Serving buildings for decades at a time, building maintenance units provide a long-term facade access solution for even the most complex architectural forms, from the most simple to the most complex. CoxGomyl’s building maintenance units (BMUs) are chosen all over the world for their reliability and efficiency. Over the years a replacement may be required when an original building maintenance unit hasn’t been properly maintained and is beyond economical repair or when the BMU has reached the end of its service life. CoxGomyl offer replacement building maintenance systems designed to provide reliable facade access.
Working with building owners and building managers, CoxGomyl provide innovative replacement facade access solutions to keep established buildings around the world pristine. When a building maintenance unit has reached the end of its design life or is beyond economical repair due to insufficient maintenance, the most logical solution is to seek a replacement with the capability to meet the modern needs of the building. CoxGomyl utilise the latest technological advances to deliver discreet, modern replacement BMUs. Features such as remote monitoring allow for more efficient troubleshooting and minimal downtime when compared to older equipment.
A number of methods can be employed to successfully deliver a replacement building maintenance unit:
Below we take a look at some of the details of the various installation methods that we have recently used to replace a facade access system.
This project required two CoxGomyl replacement BMUs with luffing functionality. One is located on the 8th floor terrace and the second is located on the roof.
Installation via Street Crane
A small E-type BMU was lifted to the 8th floor with an 80 ton street crane. A challenge during the design and manufacturing phase was that the team had to work with an existing garage that was located on the terrace and coordinate all garage dimensions to make sure the BMU would fit inside during the parking position.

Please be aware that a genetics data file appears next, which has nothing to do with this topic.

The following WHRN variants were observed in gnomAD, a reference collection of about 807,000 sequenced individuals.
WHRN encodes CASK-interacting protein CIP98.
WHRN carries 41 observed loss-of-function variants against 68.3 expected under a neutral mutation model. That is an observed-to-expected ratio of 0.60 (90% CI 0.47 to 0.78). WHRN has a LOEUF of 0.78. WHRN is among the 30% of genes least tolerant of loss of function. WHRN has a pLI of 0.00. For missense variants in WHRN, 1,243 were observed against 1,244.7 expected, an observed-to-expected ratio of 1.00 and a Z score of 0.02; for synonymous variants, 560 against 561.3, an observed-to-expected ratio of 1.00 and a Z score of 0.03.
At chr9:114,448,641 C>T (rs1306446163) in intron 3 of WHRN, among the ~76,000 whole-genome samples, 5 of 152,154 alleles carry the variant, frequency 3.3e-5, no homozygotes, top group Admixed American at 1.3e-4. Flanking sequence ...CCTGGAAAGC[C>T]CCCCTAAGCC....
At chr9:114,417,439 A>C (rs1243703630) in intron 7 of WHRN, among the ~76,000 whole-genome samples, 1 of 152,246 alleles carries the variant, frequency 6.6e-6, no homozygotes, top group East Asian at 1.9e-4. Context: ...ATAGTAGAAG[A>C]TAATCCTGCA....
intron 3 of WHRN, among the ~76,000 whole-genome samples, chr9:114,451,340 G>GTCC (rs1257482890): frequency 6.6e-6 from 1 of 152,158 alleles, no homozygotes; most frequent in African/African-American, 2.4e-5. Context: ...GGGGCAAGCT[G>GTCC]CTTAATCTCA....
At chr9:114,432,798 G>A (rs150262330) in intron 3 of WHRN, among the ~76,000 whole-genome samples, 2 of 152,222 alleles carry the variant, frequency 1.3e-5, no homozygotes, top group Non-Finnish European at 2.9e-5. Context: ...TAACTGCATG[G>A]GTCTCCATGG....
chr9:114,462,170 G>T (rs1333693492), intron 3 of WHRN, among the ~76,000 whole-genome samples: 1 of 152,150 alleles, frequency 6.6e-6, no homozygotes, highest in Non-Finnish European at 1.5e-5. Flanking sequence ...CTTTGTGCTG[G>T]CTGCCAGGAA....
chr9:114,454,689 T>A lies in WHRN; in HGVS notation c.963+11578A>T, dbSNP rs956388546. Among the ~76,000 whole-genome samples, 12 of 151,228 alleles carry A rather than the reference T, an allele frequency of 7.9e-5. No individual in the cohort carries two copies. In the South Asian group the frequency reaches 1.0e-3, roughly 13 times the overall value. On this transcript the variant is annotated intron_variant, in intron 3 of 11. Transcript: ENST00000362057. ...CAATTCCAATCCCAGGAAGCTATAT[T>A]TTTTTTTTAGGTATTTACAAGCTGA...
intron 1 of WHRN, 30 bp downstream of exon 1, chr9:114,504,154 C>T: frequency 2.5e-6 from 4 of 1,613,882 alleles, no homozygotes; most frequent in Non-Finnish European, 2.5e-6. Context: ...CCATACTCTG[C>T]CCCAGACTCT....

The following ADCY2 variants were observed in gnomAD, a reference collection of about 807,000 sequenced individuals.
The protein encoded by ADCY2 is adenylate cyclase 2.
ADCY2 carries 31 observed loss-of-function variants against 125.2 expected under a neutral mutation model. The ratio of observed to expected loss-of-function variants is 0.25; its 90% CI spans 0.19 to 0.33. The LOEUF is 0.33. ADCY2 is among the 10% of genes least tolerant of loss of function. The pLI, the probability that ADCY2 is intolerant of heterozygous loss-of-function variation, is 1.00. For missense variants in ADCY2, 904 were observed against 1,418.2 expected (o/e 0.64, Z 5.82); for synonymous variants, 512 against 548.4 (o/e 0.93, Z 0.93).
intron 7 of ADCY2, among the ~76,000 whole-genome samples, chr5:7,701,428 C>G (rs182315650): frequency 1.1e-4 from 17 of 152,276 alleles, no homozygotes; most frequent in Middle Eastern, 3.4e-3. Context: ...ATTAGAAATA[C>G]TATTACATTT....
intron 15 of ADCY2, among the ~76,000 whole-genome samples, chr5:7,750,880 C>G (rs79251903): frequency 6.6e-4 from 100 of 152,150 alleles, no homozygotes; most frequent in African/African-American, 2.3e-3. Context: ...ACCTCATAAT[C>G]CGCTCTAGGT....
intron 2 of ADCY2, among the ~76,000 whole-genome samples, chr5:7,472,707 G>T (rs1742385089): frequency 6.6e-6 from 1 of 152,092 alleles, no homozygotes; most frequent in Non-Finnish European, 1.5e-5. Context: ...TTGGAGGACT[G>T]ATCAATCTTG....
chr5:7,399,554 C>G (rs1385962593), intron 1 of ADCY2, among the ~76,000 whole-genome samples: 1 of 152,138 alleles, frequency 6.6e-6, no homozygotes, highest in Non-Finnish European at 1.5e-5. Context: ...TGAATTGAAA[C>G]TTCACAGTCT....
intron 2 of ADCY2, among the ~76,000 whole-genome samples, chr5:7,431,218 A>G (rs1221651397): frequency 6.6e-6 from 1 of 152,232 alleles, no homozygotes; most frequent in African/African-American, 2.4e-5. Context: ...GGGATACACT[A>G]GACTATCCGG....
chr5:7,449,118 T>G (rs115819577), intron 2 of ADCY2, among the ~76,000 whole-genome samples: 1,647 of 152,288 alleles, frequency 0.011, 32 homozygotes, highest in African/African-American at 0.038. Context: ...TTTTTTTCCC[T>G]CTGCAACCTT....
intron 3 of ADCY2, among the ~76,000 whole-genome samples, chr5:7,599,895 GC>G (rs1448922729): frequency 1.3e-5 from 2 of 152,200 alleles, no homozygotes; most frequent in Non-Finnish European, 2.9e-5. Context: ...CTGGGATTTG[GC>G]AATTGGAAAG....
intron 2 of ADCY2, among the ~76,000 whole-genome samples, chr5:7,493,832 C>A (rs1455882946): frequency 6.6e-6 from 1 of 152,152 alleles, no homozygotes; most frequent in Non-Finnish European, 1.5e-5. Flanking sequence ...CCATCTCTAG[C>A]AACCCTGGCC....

Installation via elevators
For the BMU located on the roof, all components had to be taken through the building using the elevators and roof hatch to deliver them to the roof. After bringing all the components from the loading dock to the floor via the elevators, the installation team set up an aluminium gantry with an electric hoist above the roof hatch to bring all the components from the floor below up to the roof. The installation duration for this project was three weeks to truck all the components from storage to the site, unload, deliver them to the roof and assemble.
The route was sketched out beforehand to show how the components would get to the roof from the loading dock. This requires verifying all critical dimensions such as door openings, elevator dimensions and capacities, roof hatch openings, and final assembly location on the roof.
The Bourke Street project solution comprised of a single CoxGomyl BMU to replace the original EW COX machine. The original machine had been in service for 40 years, well beyond the 25 year design life and was due for replacement.
BMU Installation via goods lift
The BMU level is 135m above ground, which would make a crane a very expensive option and the shutting down of major streets which was not possible, so it was planned from the start to install the BMU via the service elevator.
The goods lift had a weight capacity of 2000kg, and also dimensional restrictions from the lift door and an access corridor.
In the photo shown, there is a splice in the jib. This is an example of how the standard design had to be customised for this particular building. The BMU cradle was too long to fit in the goods lift, so this was lifted to the L3 podium roof with a small crane and then the BMU wire ropes were lowered down the building to pick up the cradle from L3. The machine will soon be handed over to the client for the first glass clean using the new machine.
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